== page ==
The Du-Rites (J-Zone & Pablo Martin) – A Funky Bad Time
- Old Maid Entertainment / Ilegalia
- US - Original
When life is good, it’s good. When life is bad, it’s bad. But when it gets so bad you get the blues, life gets funky. And by the looks of 2020, The Du-Rites have no choice but to be funkier than ever before on A Funky Bad Time, the NYC duo’s fifth album in five years.
Multi-instrumentalists Jay “J-Zone” Mumford (drums, keyboards, percussion, occasional vocals) and Pablo Martin (guitar, bass, keyboards) were in the midst of transitioning their studio chemistry into a live act. Their previous album, 2019’s Soundcheck at 6, was recorded live, and a January 2020 gig opening for The Skatalites at Brooklyn Bowl set things down the right path. Then the world was swept by a pandemic, canceling all plans. But with much worse ahead, a derailment of plans seemed minor in comparison. As the domino effect of turmoil continued into the spring, Jay and Pablo retreated to their home studios and put together a relentlessly funky, dark and nasty album, channeling the sting of a world in chaos and maintaining their own sanity through its creation. In a perfect example of “when times are bad, you must be badder,” the duo utilizes the chaos as fuel to be emotionally funkier than ever before. A Funky Bad Time by default becomes the most unique and focused release in the band’s catalog; a product of unprecedented times, set to an otherworldly backdrop their four prior releases just didn’t have.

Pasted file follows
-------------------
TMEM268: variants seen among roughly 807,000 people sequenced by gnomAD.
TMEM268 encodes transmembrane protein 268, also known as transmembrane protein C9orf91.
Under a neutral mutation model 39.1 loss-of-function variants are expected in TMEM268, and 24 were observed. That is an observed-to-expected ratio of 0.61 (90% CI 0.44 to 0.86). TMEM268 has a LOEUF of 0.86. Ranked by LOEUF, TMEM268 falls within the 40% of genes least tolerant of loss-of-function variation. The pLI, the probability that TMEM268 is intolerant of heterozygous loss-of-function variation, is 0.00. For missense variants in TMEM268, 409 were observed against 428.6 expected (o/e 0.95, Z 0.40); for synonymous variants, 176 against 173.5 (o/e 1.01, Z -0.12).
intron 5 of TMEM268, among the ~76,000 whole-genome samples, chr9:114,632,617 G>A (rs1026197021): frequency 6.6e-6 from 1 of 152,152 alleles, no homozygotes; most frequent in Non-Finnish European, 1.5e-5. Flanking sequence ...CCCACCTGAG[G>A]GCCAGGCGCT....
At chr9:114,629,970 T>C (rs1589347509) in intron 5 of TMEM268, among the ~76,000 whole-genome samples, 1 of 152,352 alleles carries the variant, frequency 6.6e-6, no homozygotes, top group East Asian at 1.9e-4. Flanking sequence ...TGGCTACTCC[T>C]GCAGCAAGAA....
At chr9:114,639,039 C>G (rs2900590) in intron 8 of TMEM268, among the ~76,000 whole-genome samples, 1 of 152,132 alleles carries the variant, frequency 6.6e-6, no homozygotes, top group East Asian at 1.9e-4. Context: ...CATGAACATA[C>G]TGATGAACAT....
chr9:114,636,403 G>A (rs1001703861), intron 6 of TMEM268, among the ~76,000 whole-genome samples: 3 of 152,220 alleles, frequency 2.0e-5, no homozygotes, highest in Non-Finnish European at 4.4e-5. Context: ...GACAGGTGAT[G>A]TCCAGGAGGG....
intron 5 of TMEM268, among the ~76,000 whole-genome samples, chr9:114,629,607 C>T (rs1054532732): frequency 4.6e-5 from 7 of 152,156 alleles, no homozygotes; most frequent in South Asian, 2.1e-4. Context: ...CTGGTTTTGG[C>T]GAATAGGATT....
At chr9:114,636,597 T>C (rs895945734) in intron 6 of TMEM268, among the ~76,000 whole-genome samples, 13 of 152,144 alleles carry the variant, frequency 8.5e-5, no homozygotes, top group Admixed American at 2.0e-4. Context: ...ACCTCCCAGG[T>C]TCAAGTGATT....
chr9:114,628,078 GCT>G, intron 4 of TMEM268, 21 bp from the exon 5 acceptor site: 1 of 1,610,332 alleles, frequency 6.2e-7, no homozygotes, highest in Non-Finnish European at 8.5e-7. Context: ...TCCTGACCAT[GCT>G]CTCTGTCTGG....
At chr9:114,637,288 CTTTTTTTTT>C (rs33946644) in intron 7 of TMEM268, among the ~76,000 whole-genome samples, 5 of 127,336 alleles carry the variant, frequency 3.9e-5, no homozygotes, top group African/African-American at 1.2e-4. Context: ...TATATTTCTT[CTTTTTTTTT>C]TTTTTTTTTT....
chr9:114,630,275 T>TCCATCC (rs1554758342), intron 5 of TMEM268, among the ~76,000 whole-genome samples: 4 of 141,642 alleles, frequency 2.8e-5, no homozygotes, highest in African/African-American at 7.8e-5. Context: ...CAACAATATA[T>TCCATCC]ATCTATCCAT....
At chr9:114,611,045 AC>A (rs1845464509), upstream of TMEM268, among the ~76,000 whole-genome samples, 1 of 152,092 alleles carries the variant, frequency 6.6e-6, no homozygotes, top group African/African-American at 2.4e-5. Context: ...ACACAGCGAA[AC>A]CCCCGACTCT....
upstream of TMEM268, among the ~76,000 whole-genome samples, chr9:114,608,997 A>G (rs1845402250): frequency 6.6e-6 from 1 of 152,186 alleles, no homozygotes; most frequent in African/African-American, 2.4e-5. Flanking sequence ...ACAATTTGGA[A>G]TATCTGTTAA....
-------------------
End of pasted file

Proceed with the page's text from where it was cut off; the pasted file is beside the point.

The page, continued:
“Uptown” and “Jamaica” are not only Pablo and Jay’s NYC neighborhoods, respectively - they’re the cinematic, moody bookends to an album full of pandemic-fueled funk that goes from bedlam (“Jungle”); to apocalypse (“The San Remo Affair”); to funky blues (“A Funky Bad Time (With Double D’s)”. But things never go so dark that The Du-Rites lose their tongue-in-cheek humor, which is the Tylenol for tough times. “Can’t Buy Groove” is a grease-covered funk nugget poking fun at amateur musicians buying expensive gear. The playful “Hot N’ Psycho” humorously sees an old man with a Cadillac attempt to flirt in the face of cancel culture and “Done N’ Dusted” is a peek into what rehearsals actually sounded like pre-social distancing, when Jay and Pablo could only play one instrument at a time without the aid of multi-tracking.
With on-record credits playing behind artists as wide-ranging as Eddie Palmieri, Ghostface Killah and Robert Glasper (as The Du-Rites) and Tom Tom Club, Broken Bells, Danger Mouse & Karen O, Michael Kiwanuka and Lord Finesse (individually), Jay and Pablo’s playing and composing chops cut through the limitations and darkness of our current world for the funkiest 35 minutes of 2020.
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